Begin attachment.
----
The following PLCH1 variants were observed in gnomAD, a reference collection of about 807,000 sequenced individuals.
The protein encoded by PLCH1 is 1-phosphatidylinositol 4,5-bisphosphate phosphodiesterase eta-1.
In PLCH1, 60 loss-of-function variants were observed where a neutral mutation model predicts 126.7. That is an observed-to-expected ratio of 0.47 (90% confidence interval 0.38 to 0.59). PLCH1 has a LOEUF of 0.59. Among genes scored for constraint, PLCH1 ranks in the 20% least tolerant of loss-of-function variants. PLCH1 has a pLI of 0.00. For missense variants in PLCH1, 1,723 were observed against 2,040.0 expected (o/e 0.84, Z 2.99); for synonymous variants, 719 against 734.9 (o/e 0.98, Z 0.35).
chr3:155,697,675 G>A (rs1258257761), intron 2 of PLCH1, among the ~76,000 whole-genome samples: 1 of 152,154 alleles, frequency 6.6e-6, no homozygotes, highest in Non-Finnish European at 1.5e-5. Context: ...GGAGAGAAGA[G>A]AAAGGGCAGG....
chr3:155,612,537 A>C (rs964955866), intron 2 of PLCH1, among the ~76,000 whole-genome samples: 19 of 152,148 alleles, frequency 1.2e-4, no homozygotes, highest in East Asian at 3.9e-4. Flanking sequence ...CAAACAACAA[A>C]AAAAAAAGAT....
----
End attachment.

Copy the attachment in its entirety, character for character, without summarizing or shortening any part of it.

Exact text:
The following PLCH1 variants were observed in gnomAD, a reference collection of about 807,000 sequenced individuals.
The protein encoded by PLCH1 is 1-phosphatidylinositol 4,5-bisphosphate phosphodiesterase eta-1.
In PLCH1, 60 loss-of-function variants were observed where a neutral mutation model predicts 126.7. That is an observed-to-expected ratio of 0.47 (90% confidence interval 0.38 to 0.59). PLCH1 has a LOEUF of 0.59. Among genes scored for constraint, PLCH1 ranks in the 20% least tolerant of loss-of-function variants. PLCH1 has a pLI of 0.00. For missense variants in PLCH1, 1,723 were observed against 2,040.0 expected (o/e 0.84, Z 2.99); for synonymous variants, 719 against 734.9 (o/e 0.98, Z 0.35).
chr3:155,697,675 G>A (rs1258257761), intron 2 of PLCH1, among the ~76,000 whole-genome samples: 1 of 152,154 alleles, frequency 6.6e-6, no homozygotes, highest in Non-Finnish European at 1.5e-5. Context: ...GGAGAGAAGA[G>A]AAAGGGCAGG....
chr3:155,612,537 A>C (rs964955866), intron 2 of PLCH1, among the ~76,000 whole-genome samples: 19 of 152,148 alleles, frequency 1.2e-4, no homozygotes, highest in East Asian at 3.9e-4. Flanking sequence ...CAAACAACAA[A>C]AAAAAAAGAT....